Shadi Hamid in DemocracyArsenal

In, Shadi Hamid makes a Note to Muslims objecting to a the claim by Zaid Shakir that his wish for an Islamic law is shared by “every Muslim who is honest”.

Perhaps the wish for a Muslim country governed by Islamic law is parallel to the wish for a Christian nation governed according to Christian principles, or perhaps it is for sharia law which might be more parallel to asking to be governed by strictly literal Biblical rules. None of the four appeals to me but all are advocated by at least some of the religious “leaders” of each faith.

The claim that “every honest” Whateverist wants a Whateverist government may be denied by what Basil refers to as “Eid-Muslims” and “Christmas-Christians”, but to those who believe that their faith clearly demands committment to its establishment in law, those who do not make that demand are legitimately cast as dishonest.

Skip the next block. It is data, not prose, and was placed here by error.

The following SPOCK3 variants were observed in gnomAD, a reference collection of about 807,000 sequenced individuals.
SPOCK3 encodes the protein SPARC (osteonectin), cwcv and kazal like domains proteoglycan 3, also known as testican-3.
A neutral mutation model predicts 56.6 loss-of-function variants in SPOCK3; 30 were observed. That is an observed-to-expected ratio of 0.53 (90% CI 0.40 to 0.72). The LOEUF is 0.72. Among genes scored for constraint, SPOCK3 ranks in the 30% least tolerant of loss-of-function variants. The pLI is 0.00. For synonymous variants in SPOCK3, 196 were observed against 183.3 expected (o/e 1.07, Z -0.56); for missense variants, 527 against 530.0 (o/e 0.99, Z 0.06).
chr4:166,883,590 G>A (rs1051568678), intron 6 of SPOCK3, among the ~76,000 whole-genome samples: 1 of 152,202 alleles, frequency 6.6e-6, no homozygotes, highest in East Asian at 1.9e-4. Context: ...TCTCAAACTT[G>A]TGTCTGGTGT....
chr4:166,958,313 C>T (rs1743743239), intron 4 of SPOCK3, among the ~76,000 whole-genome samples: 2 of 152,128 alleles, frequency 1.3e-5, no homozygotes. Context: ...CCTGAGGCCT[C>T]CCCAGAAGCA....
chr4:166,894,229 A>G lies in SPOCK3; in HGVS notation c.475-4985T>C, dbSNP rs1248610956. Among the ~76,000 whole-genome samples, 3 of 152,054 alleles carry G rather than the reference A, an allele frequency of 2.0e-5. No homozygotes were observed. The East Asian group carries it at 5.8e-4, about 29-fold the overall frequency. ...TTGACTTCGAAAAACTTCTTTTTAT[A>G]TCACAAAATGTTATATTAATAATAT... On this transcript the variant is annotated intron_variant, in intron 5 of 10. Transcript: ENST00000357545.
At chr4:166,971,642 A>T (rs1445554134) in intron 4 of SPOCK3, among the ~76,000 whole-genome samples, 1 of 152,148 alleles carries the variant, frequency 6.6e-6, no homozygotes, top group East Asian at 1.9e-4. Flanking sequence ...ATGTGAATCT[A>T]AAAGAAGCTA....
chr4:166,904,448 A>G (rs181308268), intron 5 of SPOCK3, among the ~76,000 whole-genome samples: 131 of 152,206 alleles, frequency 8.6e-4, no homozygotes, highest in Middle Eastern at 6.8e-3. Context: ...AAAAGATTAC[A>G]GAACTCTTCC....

In the case of Christianity, disestablismentarianism is so evident in scriptural teaching that to any reasonable person (ie anyone who agrees with me) it is clear that it is actually those who would establish religious law who are making a dishonest interpretation. Unfortunately, for Islam, so far as I understand it, this is not the case.

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